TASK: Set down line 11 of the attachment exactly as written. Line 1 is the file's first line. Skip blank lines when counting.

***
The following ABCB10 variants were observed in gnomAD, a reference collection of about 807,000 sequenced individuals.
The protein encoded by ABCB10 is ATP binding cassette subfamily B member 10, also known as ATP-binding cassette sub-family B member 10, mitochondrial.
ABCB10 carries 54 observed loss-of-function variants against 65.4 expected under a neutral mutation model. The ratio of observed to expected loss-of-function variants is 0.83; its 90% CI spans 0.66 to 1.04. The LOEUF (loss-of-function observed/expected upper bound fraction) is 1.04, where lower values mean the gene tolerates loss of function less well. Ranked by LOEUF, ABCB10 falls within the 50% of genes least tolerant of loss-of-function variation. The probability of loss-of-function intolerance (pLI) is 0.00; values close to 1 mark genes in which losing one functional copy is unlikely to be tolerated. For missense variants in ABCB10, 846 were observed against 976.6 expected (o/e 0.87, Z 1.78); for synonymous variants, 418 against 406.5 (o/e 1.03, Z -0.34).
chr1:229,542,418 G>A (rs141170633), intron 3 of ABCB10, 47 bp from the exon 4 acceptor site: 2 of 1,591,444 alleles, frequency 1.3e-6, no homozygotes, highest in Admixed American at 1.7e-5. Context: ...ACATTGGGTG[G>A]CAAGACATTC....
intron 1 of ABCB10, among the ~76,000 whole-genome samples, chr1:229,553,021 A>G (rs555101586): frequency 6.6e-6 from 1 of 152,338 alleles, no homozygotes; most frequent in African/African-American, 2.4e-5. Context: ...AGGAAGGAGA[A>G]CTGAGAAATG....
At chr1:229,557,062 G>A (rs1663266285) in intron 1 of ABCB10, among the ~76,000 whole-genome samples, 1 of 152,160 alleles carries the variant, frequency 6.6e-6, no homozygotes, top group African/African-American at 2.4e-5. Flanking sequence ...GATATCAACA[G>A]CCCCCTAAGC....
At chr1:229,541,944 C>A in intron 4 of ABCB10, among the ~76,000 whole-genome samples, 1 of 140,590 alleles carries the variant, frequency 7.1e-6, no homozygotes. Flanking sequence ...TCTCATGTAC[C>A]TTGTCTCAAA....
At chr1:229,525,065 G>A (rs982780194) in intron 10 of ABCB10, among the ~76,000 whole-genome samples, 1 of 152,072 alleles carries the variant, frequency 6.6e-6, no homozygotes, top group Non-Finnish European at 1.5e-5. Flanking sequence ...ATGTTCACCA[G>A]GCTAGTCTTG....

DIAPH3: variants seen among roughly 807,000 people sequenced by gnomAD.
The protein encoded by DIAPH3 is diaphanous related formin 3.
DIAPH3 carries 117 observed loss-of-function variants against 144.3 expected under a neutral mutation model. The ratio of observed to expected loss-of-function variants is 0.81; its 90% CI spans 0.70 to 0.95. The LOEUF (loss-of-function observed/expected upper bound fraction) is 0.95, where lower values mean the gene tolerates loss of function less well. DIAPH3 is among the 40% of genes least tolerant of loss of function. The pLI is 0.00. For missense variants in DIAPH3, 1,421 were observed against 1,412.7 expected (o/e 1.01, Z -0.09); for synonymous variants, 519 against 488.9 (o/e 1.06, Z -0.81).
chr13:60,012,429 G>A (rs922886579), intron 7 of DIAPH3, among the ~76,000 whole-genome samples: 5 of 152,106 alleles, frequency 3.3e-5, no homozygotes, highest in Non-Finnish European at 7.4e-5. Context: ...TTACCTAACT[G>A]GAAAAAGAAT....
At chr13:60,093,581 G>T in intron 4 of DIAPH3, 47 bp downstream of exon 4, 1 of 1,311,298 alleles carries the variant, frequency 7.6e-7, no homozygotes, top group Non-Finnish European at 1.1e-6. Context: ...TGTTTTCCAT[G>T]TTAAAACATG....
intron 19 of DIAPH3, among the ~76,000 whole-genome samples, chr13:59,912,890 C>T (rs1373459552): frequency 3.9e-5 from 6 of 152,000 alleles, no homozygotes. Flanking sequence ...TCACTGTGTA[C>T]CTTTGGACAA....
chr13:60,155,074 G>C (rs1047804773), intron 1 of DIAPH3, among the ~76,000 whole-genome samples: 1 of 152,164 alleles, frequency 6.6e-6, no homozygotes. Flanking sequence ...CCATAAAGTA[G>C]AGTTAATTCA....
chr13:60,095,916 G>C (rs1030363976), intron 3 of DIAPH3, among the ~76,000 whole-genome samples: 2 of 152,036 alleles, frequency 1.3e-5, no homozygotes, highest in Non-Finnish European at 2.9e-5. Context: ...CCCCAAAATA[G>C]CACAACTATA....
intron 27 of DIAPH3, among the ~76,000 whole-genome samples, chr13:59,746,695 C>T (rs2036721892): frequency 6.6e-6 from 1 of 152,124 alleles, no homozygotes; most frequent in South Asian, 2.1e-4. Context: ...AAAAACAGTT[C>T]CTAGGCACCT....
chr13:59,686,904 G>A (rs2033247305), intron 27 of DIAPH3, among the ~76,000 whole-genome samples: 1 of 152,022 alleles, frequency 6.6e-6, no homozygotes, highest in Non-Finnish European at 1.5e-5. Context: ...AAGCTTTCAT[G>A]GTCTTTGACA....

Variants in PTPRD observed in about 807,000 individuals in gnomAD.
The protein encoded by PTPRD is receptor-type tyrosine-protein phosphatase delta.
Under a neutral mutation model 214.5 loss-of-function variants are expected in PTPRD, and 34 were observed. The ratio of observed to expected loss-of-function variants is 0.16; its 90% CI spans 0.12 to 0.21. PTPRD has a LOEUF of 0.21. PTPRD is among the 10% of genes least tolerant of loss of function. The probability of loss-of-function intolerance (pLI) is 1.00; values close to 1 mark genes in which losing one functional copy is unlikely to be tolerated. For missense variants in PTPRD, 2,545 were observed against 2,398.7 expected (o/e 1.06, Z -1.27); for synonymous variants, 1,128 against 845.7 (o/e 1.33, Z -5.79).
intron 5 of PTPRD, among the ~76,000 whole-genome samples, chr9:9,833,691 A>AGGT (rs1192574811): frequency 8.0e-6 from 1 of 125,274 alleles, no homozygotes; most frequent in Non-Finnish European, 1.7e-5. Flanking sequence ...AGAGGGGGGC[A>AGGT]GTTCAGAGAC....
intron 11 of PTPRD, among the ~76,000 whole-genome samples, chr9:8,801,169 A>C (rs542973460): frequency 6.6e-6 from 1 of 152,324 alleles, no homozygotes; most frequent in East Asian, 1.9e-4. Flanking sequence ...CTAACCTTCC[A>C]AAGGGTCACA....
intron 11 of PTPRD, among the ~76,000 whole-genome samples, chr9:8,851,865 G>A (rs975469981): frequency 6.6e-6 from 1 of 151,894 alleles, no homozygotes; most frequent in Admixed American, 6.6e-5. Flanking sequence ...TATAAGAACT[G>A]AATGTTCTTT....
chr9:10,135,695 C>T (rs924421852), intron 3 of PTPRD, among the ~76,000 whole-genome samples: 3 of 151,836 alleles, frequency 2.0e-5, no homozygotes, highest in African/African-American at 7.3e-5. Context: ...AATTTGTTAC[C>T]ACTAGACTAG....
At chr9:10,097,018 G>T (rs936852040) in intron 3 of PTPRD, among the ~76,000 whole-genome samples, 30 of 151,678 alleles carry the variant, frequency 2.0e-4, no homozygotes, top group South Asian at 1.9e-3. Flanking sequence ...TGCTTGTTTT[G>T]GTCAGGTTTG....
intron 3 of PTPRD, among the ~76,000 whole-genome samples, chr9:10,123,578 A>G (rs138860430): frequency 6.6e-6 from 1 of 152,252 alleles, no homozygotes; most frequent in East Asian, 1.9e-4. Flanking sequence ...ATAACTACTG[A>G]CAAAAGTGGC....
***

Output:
DIAPH3 carries 117 observed loss-of-function variants against 144.3 expected under a neutral mutation model. The ratio of observed to expected loss-of-function variants is 0.81; its 90% CI spans 0.70 to 0.95. The LOEUF (loss-of-function observed/expected upper bound fraction) is 0.95, where lower values mean the gene tolerates loss of function less well. DIAPH3 is among the 40% of genes least tolerant of loss of function. The pLI is 0.00. For missense variants in DIAPH3, 1,421 were observed against 1,412.7 expected (o/e 1.01, Z -0.09); for synonymous variants, 519 against 488.9 (o/e 1.06, Z -0.81).